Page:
National Geographic : 1959 Feb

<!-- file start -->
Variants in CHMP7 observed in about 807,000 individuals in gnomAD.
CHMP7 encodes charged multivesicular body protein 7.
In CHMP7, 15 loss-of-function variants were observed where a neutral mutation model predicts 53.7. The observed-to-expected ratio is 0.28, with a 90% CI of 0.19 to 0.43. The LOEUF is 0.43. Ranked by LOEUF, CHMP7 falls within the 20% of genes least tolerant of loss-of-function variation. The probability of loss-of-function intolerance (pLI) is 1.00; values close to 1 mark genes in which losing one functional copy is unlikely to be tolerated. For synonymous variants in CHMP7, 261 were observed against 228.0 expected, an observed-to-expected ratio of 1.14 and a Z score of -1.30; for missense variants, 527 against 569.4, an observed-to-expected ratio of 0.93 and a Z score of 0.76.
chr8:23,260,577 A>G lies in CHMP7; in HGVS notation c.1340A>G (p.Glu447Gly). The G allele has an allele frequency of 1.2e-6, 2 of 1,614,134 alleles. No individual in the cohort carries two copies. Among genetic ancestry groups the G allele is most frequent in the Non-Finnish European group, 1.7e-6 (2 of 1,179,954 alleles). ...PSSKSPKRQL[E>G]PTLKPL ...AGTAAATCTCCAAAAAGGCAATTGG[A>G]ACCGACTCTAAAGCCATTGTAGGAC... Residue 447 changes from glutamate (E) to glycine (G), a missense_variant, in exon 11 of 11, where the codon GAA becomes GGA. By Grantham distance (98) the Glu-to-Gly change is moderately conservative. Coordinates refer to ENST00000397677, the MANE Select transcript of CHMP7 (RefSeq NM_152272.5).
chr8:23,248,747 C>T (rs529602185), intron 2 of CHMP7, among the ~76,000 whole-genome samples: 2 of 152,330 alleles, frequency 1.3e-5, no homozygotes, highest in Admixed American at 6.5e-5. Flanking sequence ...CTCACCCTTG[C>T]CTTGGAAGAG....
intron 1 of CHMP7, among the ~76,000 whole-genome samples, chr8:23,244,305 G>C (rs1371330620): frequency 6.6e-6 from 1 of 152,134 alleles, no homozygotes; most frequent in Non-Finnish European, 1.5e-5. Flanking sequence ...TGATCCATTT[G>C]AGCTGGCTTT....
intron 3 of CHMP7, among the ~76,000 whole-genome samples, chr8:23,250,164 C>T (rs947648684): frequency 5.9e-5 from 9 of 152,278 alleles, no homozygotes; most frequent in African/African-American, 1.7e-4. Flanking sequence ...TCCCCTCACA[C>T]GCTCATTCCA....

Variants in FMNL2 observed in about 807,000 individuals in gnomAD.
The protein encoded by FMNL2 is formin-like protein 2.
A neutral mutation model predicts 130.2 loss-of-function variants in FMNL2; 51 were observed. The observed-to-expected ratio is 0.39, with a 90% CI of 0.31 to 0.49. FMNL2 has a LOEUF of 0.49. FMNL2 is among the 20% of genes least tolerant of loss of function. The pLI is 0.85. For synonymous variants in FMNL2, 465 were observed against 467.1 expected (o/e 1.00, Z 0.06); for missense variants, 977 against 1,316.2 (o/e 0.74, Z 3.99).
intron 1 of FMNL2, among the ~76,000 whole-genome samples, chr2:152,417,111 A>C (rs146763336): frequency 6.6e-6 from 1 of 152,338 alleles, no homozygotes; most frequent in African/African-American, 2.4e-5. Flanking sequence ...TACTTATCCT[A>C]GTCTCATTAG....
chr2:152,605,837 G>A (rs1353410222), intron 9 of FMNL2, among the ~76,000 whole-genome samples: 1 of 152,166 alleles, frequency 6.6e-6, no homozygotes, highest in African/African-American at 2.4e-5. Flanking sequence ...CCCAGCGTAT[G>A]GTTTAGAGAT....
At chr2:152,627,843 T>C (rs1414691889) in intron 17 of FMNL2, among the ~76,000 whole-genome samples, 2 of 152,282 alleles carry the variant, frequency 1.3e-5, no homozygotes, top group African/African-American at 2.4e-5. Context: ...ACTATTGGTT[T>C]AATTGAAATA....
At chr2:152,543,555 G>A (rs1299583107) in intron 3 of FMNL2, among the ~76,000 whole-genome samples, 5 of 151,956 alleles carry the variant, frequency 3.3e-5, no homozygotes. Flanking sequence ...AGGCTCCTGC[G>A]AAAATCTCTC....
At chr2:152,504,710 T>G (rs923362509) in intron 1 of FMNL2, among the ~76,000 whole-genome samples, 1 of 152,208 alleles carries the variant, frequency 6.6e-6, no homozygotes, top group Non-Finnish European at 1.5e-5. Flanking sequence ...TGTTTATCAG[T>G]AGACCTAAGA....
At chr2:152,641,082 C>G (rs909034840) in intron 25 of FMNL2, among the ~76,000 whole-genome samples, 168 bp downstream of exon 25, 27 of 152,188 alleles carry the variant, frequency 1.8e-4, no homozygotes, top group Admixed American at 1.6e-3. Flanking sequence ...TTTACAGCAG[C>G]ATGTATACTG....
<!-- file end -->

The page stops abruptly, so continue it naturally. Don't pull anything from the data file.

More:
The National Geographic Magazine and lead ore; Aspen's population had sky rocketed to 11,000; two railroads had pushed tracks into the valley, and 10 passenger trains a day roared into the booming town. Next year, with the repeal of the Sherman Silver Purchase Act, came disaster. Mines closed; banks failed; miners and their camp followers departed in droves. In 1930 only 500 people lived in Aspen. But by then skiers were prowling the moun tains in search of suitable slopes. Swiss expert Andre Roch came to survey the region, and fathered the Roch Run on Aspen Mountain. During World War II, mountain troops from Camp Hale, 30 miles away, crossed the Con tinental Divide on maneuvers and lingered for sunny skiing weekends in the town. Eventually Aspen became a unique year-round resort where musicians, writers, and artists gather in summer and skiers in winter. As I soared aloft on the Aspen Mountain chair lift, I was wrapped in solitude. Below stretched wide slopes separated by stands of spruce. At times my skis dangled dizzily 40 feet above the snow; again they seemed to brush the treetops. Only the harsh caws of Rocky Mountain jays and the distant halloo of an early skier disturbed the stillness. When I stepped out on the Sundeck at the summit, the breath caught in my throat. From my perch the mountain tumbled for miles to Castle Creek. Across the valley snow peaks of the Elk Mountains reared in a jagged crest (page 239). Aspen offers slopes to challenge the most skilled skiers, but it also has wide, gentle runs ideal for the novice. I tried slopes re quiring varying degrees of skill-some calling for more than I possessed. Nine miles from Aspen, on Castle Creek, lies the ghost town of Ashcroft. Now and again distant howls shatter the silence that has lain on it since the last miner pulled up stakes. For near by stands the Toklat Kennel of Stuart and Isabel Mace. One sparkling morning I waxed my skis and set out for the Maces' retreat. From there, instead of a chair lift, my tow was a team of huskies on the six-mile trek to Montezuma Basin. Stuart Mace handed me a towbar attached by rope to the sled. "Just take it easy," he said. "Lean back slightly and bend your knees to take the shock of the start." At his command, the dogs leaped forward (page 240). They soon settled into a smooth trot. But when we stopped to take a picture, I came to grief. As the sled lurched forward, 1A 234 cCI i.